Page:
When creative tools become creative obstacles

2018-09-23 samara-doole-259145-unsplash.jpg

The flow of my dreams — the ones I’ve been working with to support my creative process — waxes and wanes, depending on how active I am in my practice when awake.

I noticed this in the last month after coming out of an intense dreaming period: multiple dreams per night, several nights per week, for nearly five months. I struggled on many mornings to finish transferring my waking impressions to my journal before the rest of the family finished breakfast. The flood of detail was so vivid that I was almost relieved on days when a dream dissolved before I could capture it.

I can’t not write these dreams down, I told myself, because the images were so clear. Every dream felt like a gift, each containing another piece of guidance or inspiration to move my creative planning forward for several projects in gestation. But receiving so much information felt like trying to drink from a fire hose. And with so much to process during my limited work hours, I had no time left for creative action.

It was time to put some gentle bounds on what looked like a boundless inception phase. Enough with the note-taking — it’s time to start writing for real, my inner voice said. Even my dreams had started suggesting as much in their own distinctive code.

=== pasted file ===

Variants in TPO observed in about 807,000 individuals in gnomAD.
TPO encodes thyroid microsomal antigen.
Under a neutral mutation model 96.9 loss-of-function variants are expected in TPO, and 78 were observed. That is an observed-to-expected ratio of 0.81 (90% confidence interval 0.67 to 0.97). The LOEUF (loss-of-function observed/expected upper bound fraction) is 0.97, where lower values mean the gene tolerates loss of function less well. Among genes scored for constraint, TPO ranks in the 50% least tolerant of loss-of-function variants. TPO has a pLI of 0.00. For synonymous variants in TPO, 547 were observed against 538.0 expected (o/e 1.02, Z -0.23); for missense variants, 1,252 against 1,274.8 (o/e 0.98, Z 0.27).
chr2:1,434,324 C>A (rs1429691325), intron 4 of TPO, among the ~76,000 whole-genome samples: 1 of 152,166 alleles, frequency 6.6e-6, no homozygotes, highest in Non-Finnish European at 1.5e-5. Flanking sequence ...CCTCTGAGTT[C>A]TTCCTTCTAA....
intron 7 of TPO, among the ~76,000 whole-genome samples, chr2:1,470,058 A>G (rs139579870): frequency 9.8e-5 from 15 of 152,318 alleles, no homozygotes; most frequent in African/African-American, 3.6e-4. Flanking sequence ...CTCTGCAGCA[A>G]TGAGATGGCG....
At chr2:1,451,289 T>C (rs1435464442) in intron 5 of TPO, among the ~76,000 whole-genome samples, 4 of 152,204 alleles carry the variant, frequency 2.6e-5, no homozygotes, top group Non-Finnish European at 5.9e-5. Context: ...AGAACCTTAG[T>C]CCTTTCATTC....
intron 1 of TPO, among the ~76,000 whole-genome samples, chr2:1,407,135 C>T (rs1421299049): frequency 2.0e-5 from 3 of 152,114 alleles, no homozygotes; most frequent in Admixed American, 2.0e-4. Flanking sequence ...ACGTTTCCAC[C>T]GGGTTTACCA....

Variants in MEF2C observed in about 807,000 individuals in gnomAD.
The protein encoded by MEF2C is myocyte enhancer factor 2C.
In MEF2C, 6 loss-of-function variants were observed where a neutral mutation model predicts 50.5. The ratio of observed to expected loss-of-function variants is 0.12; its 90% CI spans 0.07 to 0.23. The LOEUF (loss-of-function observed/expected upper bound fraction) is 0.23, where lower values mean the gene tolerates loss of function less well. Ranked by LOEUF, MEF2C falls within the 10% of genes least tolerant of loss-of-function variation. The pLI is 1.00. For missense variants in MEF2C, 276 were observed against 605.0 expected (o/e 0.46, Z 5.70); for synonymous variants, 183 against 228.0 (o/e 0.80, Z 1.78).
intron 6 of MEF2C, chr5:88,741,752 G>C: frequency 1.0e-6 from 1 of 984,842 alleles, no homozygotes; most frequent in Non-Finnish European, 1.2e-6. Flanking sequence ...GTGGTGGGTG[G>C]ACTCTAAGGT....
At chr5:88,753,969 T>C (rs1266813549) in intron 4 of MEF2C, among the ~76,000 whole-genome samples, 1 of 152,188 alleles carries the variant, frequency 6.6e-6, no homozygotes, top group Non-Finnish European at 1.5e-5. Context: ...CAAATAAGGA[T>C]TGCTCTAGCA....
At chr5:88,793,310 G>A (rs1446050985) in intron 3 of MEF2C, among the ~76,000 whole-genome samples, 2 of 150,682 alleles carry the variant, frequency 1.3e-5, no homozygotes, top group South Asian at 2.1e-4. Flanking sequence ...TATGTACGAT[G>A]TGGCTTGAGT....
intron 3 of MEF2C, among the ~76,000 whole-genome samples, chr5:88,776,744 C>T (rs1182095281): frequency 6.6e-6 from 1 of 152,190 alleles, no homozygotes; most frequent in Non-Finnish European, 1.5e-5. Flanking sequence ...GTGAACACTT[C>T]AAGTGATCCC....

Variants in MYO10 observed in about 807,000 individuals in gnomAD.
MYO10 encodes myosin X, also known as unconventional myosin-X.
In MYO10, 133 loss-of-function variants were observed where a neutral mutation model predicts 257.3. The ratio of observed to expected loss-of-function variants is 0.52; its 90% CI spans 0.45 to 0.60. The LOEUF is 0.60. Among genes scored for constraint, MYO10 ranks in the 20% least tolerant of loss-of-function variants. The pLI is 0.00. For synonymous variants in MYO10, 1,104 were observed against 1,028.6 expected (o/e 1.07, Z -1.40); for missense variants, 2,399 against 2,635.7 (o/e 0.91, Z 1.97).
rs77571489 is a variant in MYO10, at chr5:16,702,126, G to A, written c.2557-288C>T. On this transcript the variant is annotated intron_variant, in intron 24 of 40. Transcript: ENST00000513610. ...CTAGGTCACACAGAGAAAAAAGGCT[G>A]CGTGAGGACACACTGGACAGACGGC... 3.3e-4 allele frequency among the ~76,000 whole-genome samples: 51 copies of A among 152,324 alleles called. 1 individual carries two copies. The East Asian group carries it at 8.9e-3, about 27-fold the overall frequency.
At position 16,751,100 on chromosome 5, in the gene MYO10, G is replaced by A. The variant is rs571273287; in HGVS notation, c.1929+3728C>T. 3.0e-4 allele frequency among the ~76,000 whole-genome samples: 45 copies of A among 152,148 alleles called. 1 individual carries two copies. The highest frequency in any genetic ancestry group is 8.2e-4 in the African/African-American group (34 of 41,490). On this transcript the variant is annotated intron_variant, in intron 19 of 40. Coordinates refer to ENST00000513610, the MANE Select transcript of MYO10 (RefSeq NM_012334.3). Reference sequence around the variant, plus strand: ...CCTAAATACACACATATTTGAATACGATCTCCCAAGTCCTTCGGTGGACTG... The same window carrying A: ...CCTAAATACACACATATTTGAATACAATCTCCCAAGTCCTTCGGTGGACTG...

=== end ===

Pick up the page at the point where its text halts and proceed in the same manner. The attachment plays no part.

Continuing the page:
I set my dream journal aside. Opened my laptop, and then my first-drafts folder. Started to type. The ideas from my dreams began to take shape. Not as the material gathering into sentences and paragraphs, but as frames or scaffoldings to stretch my work upon. 

Within days, the flow of new dreams had evaporated.

I felt slightly unsettled and adrift without them — after all, writing down my dreams had given me a connection like none other to my creative mind, and I was a little fearful that they had pulled away like an underappreciated friend. But I’ve also learned to listen to that inner voice when it tells me I’m ready to write. I’m trusting the lull in dreaming is now making way for new processes that will better serve me in the active phase of bringing my work into concrete form. And when it’s time to begin dreaming again, I will.

In the meantime, to continue nurturing the connection to my dreams, I’m taking this pause to look back at the visions that got less attention than I would have preferred earlier this summer. Not to look for missed messages, but to explore the images, symbols, and patterns I did not have time to appreciate. Deepening my dream glossary may not lead anywhere in this creative cycle, but as it starts over with the next project, I’ll have my interim discoveries to support me going forward.

What parts of your creative process are more active in the inception phase of your work? What parts are more active in the manifestation of it? What can you do to nurture your connection to either (or both) when one is less active? Share your thoughts with me by clicking the button below.